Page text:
It’s time to leap.

Just like everything takes practice to get better, so too does listening to one’s intuition, I’ve discovered. You get to know yourself, the fears that you must eschew, your lavish ambitions, your limitations, and your potential. I’m learning to let my gut instinct help sift through these aspects of myself, to better hear its call through the fog, whether prudent restraint or quiet encouragement.

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The Writing Kind

“The sensual novelist and his admirer, are beings of depraved appetites and sickly imaginations, who having learnt the art of self-tormenting, are diligently and zealously employed in creating an imaginary world, which they can never inhabit, only to make the real world, with which they must necessarily be conversant, gloomy and insupportable.”

Patrick Brontë’s children had the run of his books and must have read these words often, but no group of young people ever took less heed of such a warning.

–From Charlotte Brontë: A Fiery Heart, Claire Harman

Sometimes I wake up before the sun does to satisfy this craving. I shuffle on aching bones that ache for no reason other than holding up my person to the coffee machine. I say machine because it is not the simple device the coffee maker is. Insert cup under spit, deposit cup of grounds on top of needle, pull lever to enact piercing and scalding processes. Acquire sweet treat if one has been hunted in the wilderness and brought back home on recent scavenging trip. No, these are not the cravings this beast has woken at this ungodly hour to satiate.

I shuffle back to office and sit down. Squirm in chair. Aching bones and all. Open blinds because sometimes our kind like to feel connected to the great outdoors. Shut blinds. Dawn is too bright.

The images of a recent dream dance a quadrille in my mind’s eye: a formal dining room resplendent with light from a three-sided bay window; the room occupied by a crudely made dining room table circa 1970 at which nobody sits; outside the window were rose bushes, not all the picture of health, some new blooms, some leaves snail-bitten, but the coral pink of their petals struck the eye amid the shaded garden vista.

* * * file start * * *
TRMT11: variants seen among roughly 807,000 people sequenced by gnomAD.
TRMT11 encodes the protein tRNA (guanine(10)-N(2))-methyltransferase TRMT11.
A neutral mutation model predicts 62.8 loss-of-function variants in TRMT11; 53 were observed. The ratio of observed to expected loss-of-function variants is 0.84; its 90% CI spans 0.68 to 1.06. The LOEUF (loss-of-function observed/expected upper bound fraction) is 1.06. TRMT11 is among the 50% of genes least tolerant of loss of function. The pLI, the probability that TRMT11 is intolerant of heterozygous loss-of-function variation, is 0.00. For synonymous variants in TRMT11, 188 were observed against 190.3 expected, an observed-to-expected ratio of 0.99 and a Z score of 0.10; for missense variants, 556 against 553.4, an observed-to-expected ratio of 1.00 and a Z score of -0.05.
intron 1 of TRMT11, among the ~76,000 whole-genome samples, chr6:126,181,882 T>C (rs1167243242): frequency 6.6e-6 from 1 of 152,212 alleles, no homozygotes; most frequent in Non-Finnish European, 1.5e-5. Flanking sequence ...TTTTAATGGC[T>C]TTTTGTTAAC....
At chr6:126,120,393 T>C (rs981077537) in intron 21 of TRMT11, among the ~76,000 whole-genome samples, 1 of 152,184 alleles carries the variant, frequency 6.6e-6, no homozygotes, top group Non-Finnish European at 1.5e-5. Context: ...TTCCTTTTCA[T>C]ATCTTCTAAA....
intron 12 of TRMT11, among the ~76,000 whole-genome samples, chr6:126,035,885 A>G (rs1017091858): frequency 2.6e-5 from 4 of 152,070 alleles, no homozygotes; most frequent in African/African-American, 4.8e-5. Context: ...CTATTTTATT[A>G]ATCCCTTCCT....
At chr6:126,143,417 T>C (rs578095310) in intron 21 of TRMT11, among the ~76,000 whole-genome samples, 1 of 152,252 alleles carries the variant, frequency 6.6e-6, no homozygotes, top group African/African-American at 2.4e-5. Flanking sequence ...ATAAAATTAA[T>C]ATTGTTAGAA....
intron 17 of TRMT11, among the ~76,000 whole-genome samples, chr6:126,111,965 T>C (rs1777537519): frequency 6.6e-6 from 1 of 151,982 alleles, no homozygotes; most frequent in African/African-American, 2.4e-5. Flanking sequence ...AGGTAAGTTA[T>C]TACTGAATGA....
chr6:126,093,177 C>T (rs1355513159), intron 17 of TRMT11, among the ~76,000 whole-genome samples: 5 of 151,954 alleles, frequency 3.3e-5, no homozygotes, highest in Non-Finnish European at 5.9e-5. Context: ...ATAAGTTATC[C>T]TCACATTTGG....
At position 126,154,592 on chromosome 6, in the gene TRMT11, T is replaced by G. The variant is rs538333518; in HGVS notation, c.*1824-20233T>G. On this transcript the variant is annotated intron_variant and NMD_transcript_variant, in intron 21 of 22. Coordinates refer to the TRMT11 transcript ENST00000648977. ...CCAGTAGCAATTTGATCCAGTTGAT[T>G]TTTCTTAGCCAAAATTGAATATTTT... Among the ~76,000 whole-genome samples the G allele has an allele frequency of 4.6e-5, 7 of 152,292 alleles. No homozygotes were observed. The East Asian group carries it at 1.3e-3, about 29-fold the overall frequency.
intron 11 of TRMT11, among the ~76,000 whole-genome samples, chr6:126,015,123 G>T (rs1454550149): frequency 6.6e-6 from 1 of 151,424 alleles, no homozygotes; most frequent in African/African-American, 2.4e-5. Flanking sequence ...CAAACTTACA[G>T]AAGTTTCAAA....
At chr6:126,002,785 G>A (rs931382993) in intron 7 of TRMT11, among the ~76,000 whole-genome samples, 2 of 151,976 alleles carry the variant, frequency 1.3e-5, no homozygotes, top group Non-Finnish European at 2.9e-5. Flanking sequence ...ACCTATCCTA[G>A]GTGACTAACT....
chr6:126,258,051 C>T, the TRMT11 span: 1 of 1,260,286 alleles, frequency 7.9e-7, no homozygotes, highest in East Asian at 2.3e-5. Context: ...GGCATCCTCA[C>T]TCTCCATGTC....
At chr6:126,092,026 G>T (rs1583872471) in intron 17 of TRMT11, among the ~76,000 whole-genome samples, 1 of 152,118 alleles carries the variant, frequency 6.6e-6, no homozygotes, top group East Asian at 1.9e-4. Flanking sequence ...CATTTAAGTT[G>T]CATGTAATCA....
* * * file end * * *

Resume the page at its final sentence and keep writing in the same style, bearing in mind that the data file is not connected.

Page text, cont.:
Return to the now. Sometimes it’s not even my own inner voice demanding it, but that of them, those clamorous beings in my head. Mind torn between sickly leaves and murmuring voices caressing my brain, I turn back to the work at hand. I do not know where to begin. So I just open a door. Sometimes the words that satisfy the craving sputter out as though from the irked coffee machine. Sometimes they pour out as easy and rich as cream.

Sometimes the craving is fixed at night over coffee again, of course, and often a mischievous cigarette. The sounds of Saturday night surround us like the rings around Saturn. As massive and exclusive as our inner worlds are, we cannot seem to shake the rest off the world. But the company, the indulges of nicotine and caffeine, again, are not the primary cravings sought at this assembly.

It is the build up of weeks in planning, the preparation, the carefully laid stonework and mortar of verb, noun, and article. The layering of tone, character, and story. It is of like minds meeting like, kinfolk in this art sitting down with me on the other end of the screen before the sun rises, or in a patio chair across from me at the local coffee shop until midnight. It is solitude, as well. It is living two lives: the external, full of aching sorrow, vivid joy, and twisting nostalgia; and the mind’s life, full of aching sorrow, vivid joy, and twisting nostalgia.

For the writing kind, this craving is necessary.

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5 Unusual and Practical Ways To Break Writer’s Block